|Scientific Name:||Symphodus mediterraneus|
|Species Authority:||(Linnaeus, 1758)|
Crenilabrus boryanus Risso, 1827
Crenilabrus brunnichii (Lacepède, 1802)
Crenilabrus mediterraneus (Linnaeus, 1758)
Crenilabrus nigrescens Risso, 1827
Crenilabrus pictus Lowe, 1838
Labrus coeruleovittatus Bonnaterre, 1788
Labrus pittima Rafinesque, 1810
Labrus serpentinus Bonnaterre, 1788
Labrus unimaculatus Gmelin, 1789
Lutjanus brunnichii Lacepède, 1802
Lutjanus massiliensis Lacepède, 1802
Lutjanus mediterraneus (Linnaeus, 1758)
Perca mediterranea Linnaeus, 1758
|Taxonomic Source(s):||Eschmeyer, W.N. (ed.). 2014. Catalog of Fishes. Updated 27 August 2014. Available at: http://researcharchive.calacademy.org/research/ichthyology/catalog/fishcatmain.asp. (Accessed: 27 August 2014).|
|Red List Category & Criteria:||Least Concern ver 3.1|
|Assessor(s):||Pollard, D. & Afonso, P.|
|Reviewer(s):||Sadovy, Y. & Carpenter, K.E.|
This species is present throughout the Mediterranean Sea and the Atlantic Macronesian islands, and there are no known threats to its populations. Although there is no specific information available on its population status, this is thought to be stable. It is therefore listed as Least Concern.
|Range Description:||In the Eastern Atlantic, this species is present from Portugal to northern Morocco and throughout the Macaronesian archipelagos of the Azores and Madeira, the Selvangens and the Canary islands (P. Afonso pers. comm. 2008). It is also found throughout the Mediterranean Sea, including the Sea of Marmara, but not in the Black Sea (D. Pollard pers. comm. 2008).|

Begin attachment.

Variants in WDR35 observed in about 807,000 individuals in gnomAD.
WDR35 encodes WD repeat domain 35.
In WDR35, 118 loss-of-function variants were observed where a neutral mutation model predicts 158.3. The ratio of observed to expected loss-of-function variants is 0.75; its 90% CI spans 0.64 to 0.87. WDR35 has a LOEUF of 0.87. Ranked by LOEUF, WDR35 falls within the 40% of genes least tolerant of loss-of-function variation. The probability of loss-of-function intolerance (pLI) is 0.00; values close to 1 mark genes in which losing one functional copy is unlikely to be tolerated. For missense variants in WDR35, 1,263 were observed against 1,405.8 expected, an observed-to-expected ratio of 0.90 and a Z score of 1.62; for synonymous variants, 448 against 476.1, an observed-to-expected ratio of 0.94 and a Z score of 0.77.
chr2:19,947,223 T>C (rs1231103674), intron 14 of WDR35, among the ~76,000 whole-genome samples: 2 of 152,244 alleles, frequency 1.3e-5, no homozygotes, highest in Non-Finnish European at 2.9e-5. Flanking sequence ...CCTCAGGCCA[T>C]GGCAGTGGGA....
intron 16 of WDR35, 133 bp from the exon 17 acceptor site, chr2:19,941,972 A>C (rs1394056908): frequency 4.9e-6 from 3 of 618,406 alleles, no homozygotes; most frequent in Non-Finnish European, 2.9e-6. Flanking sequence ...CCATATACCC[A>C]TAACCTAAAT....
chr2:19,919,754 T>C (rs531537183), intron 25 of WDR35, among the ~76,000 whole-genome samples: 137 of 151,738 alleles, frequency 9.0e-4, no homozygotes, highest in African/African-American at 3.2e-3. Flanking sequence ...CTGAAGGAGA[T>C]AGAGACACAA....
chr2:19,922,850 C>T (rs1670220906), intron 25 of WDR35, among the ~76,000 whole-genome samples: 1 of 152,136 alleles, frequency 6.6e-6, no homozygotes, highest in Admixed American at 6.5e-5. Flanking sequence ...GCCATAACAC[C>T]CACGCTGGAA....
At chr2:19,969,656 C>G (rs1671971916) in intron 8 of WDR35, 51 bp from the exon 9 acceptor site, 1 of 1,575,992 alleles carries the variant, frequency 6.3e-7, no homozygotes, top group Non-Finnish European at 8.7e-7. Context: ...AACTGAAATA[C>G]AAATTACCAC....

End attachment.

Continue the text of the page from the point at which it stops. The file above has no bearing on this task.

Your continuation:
Native:Albania; Algeria; Croatia; Cyprus; Egypt; France; Gibraltar; Greece; Israel; Italy; Lebanon; Libya; Malta; Monaco; Montenegro; Morocco; Portugal; Slovenia; Spain; Syrian Arab Republic; Tunisia; Turkey; Western Sahara
|FAO Marine Fishing Areas:||
Atlantic – northeast; Atlantic – eastern central; Mediterranean and Black Sea
|Lower depth limit (metres):||70|
|Upper depth limit (metres):||1|
|Range Map:||Click here to open the map viewer and explore range.|
|Population:||This species is generally common throughout most of the Mediterranean Sea, except along the coasts of the eastern Levant, where it is less abundant. The population is stable in Turkey, and most likely also throughout the rest of the Mediterranean Sea (Bilecenoglu pers. comm.).
In the Azores it is quite common although found in relatively low numbers (Afonso 2002) throughout its preferred habitat, and populations are thought to be stable. In the Canary islands, it is occasional and thought to have diminished in the last two decades (Brito et al. 2002).
|Current Population Trend:||Stable|
|Habitat and Ecology:||This species is generally found over vegetated rocky substrates and in coralligenous habitats. It is also found associated with seagrass beds (D. Pollard pers. comm. 2008). It feeds mainly on gastropods, bivalves, tubiculous worms, chitons, sea urchins and bryozoans (Quignard and Pras 1986), and also crustaceans (Golani et al. 2006). It is found from 1-70m depth.
Spawning takes place in spring, and the eggs are laid in a nest constructed by the male (Golani et al. 2006).
|Use and Trade:||This species may be utilised and sold for food when caught in local artisanal fisheries, where it is probably mainly used in fish soup (D. Pollard pers. comm. 2008).|
|Major Threat(s):||There are no known major threats to this small species, although it may be utilised and sold for food when caught in local artisanal fisheries (D. Pollard pers. comm. 2008).|
|Conservation Actions:||There are no specific conservation measures in place for this species. Its distribution overlaps several marine protected areas within its range.|
|Citation:||Pollard, D. & Afonso, P. 2010. Symphodus mediterraneus. The IUCN Red List of Threatened Species 2010: e.T187475A8544986. . Downloaded on 30 May 2016.|
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